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Anand Mahindra praises ISRO as UK's groundbreaking space mission ends in failure



As a groundbreaking British satellite launch ended in bitter disappointment early on Tuesday, Indian businessman Anand Mahindra has lavished praise on ISRO. The Mahindra Group chairman took to Twitter on Tuesday morning, highlighting the launch record of the Indian Space Research Organisation.


“I recognise that this was a very different type of orbital launch but it stills tells me how much more we should appreciate and admire the launch record of ISRO," the billionaire businessman tweeted in response to a news update about the launch of UK's first rocket taking satellites into space.


The country's bid to become the first European nation to launch satellites into space went awry on Tuesday, with Virgin Orbit stating that its rocket had suffered an anomaly that prevented it from reaching orbit.


The "horizontal launch" mission had left from the coastal town of Newquay in southwest England, with their LauncherOne rocket carried under the wing of a modified Boeing 747 called "Cosmic Girl", and later released over the Atlantic Ocean. Following the glitch, Cosmic Girl returned to Spaceport Cornwall with the crew.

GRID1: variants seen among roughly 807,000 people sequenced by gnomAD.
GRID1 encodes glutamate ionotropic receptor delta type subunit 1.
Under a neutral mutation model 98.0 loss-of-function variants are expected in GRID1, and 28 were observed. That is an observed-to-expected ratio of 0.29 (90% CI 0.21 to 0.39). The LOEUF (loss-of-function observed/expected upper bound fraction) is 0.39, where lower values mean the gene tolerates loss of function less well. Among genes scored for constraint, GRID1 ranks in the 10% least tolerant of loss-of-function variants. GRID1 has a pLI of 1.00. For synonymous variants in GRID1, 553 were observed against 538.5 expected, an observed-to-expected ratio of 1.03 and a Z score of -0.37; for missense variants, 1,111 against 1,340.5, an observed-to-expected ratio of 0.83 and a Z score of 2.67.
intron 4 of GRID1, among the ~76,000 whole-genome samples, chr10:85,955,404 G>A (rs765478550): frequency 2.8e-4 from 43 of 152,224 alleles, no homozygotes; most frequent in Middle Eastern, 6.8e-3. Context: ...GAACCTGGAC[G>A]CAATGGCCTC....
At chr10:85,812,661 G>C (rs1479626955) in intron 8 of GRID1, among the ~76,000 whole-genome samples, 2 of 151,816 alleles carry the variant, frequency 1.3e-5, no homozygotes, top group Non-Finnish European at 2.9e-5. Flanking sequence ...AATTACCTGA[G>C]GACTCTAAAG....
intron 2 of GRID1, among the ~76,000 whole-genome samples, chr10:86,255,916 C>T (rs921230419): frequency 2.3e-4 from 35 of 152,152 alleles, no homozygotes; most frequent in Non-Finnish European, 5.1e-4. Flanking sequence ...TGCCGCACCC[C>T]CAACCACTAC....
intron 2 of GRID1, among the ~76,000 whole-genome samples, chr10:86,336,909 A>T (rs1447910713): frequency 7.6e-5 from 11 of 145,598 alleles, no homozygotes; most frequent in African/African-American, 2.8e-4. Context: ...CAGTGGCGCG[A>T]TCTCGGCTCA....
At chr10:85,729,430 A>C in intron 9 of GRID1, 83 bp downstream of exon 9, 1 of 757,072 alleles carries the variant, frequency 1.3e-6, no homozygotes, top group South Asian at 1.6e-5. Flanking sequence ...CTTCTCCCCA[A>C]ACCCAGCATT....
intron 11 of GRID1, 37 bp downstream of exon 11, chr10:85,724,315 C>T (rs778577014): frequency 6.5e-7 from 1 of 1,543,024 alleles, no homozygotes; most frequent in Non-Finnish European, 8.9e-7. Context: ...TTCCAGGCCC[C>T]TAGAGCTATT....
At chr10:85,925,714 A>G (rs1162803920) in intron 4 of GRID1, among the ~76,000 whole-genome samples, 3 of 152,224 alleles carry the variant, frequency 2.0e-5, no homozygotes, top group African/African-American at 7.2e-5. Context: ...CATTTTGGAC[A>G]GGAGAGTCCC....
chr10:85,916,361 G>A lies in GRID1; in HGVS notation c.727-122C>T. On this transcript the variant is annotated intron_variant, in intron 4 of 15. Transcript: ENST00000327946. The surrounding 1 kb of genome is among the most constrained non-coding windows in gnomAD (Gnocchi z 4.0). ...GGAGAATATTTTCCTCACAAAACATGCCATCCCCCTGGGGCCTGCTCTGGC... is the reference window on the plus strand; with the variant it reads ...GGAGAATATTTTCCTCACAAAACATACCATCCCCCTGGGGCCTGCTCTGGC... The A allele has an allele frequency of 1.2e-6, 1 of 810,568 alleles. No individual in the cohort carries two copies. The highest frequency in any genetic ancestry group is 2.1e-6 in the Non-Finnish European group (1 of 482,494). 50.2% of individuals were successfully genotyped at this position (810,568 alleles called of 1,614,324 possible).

The company partly-owned by British billionaire Richard Branson, had planned to deploy nine small satellites into lower Earth orbit in its first mission outside its United States base.


Europe has suffered a series of setbacks in the past year, with an Italian-built Vega-C rocket mission failing after lift-off from French Guiana in late December. Its key Ariane 6 launcher has been delayed, access to Russian Soyuz rockets has been blocked by the Ukraine war and Italy's Vega rockets have been grounded.


Meanwhile, the Indian space agency has a slew of projects scheduled for 2023. ISRO is planning a second development mall Satellite Launch Vehicle flight next month after an unsuccessful bid in August last year. The space agency will also test the satellite-based Automatic Dependent Surveillance-Broadcast receiver system onboard the SSLV.


The flight SSLV is likely to be held next month, and if successful, would allow ISRO to provide on demand launch services for smaller satellites weighing from 10 kg to 500 kg.



Edited by Ragul Senthil



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